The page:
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State's voting machine mandate sparks anger among region's officials

QUEENSBURY - The impending New York State mandate that will require counties to replace lever voting machines with electronic ballot counters by 2010 has many counties rebelling, with angry local government officials refusing to expend the money for the costly, frail machines.

On May 6, the Warren County Finance Committee rejected the state mandate - instead opting to dare the state to enforce any penalties.

"It would cost over $2 million to just store the voting machines," Warren County Board of Supervisors Chairman Fred Monroe said this week. "We need to join with other counties and reject this mandate."

The mandate requires Warren County to replace 70 lever machines with electronic machines by 2010 at a cost of $7,000 per unit.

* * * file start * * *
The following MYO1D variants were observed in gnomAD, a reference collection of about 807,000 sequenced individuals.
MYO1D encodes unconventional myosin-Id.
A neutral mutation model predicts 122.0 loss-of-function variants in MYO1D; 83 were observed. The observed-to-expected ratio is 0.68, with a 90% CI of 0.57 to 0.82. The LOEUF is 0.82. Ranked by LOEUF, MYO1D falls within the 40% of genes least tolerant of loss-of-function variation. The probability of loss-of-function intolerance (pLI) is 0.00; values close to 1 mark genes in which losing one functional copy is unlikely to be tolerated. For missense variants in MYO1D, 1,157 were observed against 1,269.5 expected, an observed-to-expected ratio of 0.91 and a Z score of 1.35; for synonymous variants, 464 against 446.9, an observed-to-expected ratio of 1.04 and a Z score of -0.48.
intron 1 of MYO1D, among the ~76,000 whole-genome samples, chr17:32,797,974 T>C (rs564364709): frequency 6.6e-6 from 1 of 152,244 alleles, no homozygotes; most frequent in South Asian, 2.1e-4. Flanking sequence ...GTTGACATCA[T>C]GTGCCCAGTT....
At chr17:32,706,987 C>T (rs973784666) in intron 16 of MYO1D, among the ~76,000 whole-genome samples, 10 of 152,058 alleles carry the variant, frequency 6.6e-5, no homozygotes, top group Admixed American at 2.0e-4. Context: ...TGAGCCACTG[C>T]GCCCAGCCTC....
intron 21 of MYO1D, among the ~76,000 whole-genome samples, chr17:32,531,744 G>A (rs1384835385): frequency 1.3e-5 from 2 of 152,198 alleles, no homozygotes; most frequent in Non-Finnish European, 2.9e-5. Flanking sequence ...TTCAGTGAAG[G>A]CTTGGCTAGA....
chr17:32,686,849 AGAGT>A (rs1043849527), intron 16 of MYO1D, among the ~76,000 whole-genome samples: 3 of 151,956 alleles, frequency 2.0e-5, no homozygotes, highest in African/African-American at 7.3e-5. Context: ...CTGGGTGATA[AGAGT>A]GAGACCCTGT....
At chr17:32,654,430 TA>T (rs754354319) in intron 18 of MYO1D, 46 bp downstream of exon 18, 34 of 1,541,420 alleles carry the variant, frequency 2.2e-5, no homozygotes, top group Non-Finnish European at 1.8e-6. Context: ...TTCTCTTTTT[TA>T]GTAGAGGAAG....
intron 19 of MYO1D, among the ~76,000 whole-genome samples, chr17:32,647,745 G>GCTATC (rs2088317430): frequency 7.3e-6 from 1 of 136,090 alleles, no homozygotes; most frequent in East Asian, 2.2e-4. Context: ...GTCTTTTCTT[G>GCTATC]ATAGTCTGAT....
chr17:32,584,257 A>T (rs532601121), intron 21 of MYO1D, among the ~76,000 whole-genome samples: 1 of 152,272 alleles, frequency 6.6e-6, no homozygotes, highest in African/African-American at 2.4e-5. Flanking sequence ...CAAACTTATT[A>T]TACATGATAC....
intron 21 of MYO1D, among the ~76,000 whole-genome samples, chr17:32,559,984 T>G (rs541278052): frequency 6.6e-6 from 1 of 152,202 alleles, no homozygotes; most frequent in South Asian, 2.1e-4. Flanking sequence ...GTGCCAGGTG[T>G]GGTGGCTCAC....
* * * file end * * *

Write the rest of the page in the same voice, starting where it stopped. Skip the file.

Ongoing expenses of using the machines is also burdensome, county leaders said.

The electronic machines require dozens of different sets of custom-printed ballots, which are also expected to be expensive. Warren County election commissioners have estimated that ballots alone could cost taxpayers $70,000 or more per election.

County leaders have argued that the county's existing mechanical voting machines have proven reliable and tamper-proof, and inexpensive to own, store and operate.

Last month, Essex County Supervisors rejected the purchase of electronic ballot counting machines, prompting a wave of other financially-strapped upstate counties to follow suit.

With low population density and only 11 voting districts, Hamilton County needs only 11 voting machines.

"We put up about $80,000 last year before the presidential election," Chairman of the Hamilton County Board of Supervisors Bill Farber said. "The constant software updates are the huge expense - it's about $5000 per machine."

Essex County is not the first to appose the mandate, Dutchess County began the revolt two months ago. Since, the New York State Association of Counties has been lobbying against the voting machine upgrades.

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